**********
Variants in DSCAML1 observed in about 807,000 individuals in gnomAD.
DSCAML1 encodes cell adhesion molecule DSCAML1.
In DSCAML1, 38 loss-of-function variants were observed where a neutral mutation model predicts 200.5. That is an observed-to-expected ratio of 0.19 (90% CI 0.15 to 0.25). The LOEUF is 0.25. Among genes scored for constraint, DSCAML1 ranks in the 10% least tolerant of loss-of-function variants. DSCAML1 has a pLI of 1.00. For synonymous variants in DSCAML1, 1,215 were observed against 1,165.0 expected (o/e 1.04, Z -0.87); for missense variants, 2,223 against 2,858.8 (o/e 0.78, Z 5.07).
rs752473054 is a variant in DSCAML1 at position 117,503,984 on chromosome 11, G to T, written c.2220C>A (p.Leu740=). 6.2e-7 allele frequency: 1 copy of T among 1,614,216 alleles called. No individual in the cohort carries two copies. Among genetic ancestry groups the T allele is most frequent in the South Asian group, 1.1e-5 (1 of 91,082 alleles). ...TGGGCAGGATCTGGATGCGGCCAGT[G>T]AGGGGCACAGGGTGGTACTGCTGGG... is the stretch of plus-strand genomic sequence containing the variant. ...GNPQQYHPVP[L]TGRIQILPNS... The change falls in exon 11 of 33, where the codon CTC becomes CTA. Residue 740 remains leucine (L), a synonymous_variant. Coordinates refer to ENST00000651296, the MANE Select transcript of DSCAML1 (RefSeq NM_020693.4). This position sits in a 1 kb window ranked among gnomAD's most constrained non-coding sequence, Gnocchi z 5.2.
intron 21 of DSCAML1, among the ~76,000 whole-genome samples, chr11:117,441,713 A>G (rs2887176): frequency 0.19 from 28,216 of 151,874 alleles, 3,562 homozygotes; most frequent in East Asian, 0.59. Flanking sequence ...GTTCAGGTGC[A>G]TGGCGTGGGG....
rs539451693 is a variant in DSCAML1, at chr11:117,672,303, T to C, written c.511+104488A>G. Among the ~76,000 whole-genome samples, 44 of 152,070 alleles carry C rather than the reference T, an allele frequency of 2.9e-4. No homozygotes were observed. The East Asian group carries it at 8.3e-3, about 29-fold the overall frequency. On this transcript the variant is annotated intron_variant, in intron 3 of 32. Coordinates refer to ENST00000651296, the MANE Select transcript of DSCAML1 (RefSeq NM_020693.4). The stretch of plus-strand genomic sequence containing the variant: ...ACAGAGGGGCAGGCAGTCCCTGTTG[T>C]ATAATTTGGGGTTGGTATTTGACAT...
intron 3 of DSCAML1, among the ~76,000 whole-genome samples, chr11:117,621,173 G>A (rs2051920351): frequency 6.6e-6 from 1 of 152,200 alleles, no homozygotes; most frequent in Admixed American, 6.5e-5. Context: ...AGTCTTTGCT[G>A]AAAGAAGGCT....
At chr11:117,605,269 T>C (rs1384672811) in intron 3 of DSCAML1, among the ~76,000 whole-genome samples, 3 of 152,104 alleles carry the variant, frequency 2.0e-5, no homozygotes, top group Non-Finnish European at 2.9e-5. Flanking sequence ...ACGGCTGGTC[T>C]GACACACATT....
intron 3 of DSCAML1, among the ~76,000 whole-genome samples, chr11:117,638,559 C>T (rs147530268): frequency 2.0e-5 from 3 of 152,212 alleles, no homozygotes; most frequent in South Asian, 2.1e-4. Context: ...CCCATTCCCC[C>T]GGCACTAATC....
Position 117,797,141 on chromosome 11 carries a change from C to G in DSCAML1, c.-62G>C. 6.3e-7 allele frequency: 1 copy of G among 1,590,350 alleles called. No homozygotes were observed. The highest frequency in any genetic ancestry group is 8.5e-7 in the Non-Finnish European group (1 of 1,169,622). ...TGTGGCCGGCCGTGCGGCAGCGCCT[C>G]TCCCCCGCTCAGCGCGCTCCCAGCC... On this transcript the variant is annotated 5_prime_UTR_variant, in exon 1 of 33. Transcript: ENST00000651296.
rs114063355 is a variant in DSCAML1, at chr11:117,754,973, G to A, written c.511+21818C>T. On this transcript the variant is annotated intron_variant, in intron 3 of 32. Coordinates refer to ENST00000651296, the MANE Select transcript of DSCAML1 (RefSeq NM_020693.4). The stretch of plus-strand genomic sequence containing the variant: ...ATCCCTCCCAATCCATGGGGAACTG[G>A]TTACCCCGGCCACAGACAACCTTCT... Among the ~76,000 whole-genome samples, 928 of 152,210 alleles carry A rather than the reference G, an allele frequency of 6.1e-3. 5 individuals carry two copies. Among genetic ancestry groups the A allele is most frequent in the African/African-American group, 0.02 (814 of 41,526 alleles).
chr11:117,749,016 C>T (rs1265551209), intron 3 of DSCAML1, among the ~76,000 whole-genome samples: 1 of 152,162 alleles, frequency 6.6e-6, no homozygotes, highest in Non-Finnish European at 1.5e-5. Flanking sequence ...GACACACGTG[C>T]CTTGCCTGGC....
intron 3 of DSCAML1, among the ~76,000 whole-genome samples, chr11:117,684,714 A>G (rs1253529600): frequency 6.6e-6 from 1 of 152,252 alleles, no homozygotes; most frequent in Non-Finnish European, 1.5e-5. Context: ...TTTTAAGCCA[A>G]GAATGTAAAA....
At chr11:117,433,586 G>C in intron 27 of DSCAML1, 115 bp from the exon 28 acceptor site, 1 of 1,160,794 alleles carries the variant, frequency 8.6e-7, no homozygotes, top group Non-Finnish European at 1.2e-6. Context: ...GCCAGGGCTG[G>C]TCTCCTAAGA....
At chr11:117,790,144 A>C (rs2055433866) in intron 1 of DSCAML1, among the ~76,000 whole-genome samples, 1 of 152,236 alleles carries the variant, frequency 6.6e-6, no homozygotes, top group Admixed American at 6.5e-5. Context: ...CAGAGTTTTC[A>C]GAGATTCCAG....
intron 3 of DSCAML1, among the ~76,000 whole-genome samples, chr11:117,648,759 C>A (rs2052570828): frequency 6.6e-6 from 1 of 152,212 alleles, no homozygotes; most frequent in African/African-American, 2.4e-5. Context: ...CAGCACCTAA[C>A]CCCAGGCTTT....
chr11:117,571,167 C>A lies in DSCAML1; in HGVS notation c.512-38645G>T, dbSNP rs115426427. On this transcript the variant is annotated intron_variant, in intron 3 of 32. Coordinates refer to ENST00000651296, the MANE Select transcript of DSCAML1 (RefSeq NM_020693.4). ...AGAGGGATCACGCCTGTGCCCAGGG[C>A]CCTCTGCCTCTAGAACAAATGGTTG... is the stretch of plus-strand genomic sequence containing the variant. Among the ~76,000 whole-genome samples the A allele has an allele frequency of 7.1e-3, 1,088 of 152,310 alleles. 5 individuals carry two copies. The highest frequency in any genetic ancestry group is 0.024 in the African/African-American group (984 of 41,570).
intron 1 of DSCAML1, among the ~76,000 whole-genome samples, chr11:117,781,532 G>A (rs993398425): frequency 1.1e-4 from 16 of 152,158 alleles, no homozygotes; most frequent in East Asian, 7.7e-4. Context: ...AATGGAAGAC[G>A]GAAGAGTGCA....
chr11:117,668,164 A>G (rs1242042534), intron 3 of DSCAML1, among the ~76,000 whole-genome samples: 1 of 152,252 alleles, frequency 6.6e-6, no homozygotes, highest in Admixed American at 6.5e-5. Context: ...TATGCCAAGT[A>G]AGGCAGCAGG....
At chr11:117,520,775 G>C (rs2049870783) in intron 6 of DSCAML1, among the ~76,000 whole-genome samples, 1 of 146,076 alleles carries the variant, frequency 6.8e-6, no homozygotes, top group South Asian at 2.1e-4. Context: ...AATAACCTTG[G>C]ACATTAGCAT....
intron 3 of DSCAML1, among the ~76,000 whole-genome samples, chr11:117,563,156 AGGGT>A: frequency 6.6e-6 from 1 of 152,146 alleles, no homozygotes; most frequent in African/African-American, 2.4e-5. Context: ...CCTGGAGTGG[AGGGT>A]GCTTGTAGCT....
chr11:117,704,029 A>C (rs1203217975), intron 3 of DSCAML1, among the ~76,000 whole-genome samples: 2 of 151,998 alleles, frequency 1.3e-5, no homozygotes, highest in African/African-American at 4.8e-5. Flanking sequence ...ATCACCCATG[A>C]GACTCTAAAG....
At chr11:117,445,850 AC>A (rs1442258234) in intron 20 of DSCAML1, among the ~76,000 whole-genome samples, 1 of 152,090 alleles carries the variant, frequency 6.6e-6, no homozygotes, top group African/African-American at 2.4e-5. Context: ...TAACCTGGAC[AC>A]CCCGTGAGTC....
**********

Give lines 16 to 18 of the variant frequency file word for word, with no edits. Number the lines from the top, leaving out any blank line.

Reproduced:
intron 3 of DSCAML1, among the ~76,000 whole-genome samples, chr11:117,648,759 C>A (rs2052570828): frequency 6.6e-6 from 1 of 152,212 alleles, no homozygotes; most frequent in African/African-American, 2.4e-5. Context: ...CAGCACCTAA[C>A]CCCAGGCTTT....
chr11:117,571,167 C>A lies in DSCAML1; in HGVS notation c.512-38645G>T, dbSNP rs115426427. On this transcript the variant is annotated intron_variant, in intron 3 of 32. Coordinates refer to ENST00000651296, the MANE Select transcript of DSCAML1 (RefSeq NM_020693.4). ...AGAGGGATCACGCCTGTGCCCAGGG[C>A]CCTCTGCCTCTAGAACAAATGGTTG... is the stretch of plus-strand genomic sequence containing the variant. Among the ~76,000 whole-genome samples the A allele has an allele frequency of 7.1e-3, 1,088 of 152,310 alleles. 5 individuals carry two copies. The highest frequency in any genetic ancestry group is 0.024 in the African/African-American group (984 of 41,570).
intron 1 of DSCAML1, among the ~76,000 whole-genome samples, chr11:117,781,532 G>A (rs993398425): frequency 1.1e-4 from 16 of 152,158 alleles, no homozygotes; most frequent in East Asian, 7.7e-4. Context: ...AATGGAAGAC[G>A]GAAGAGTGCA....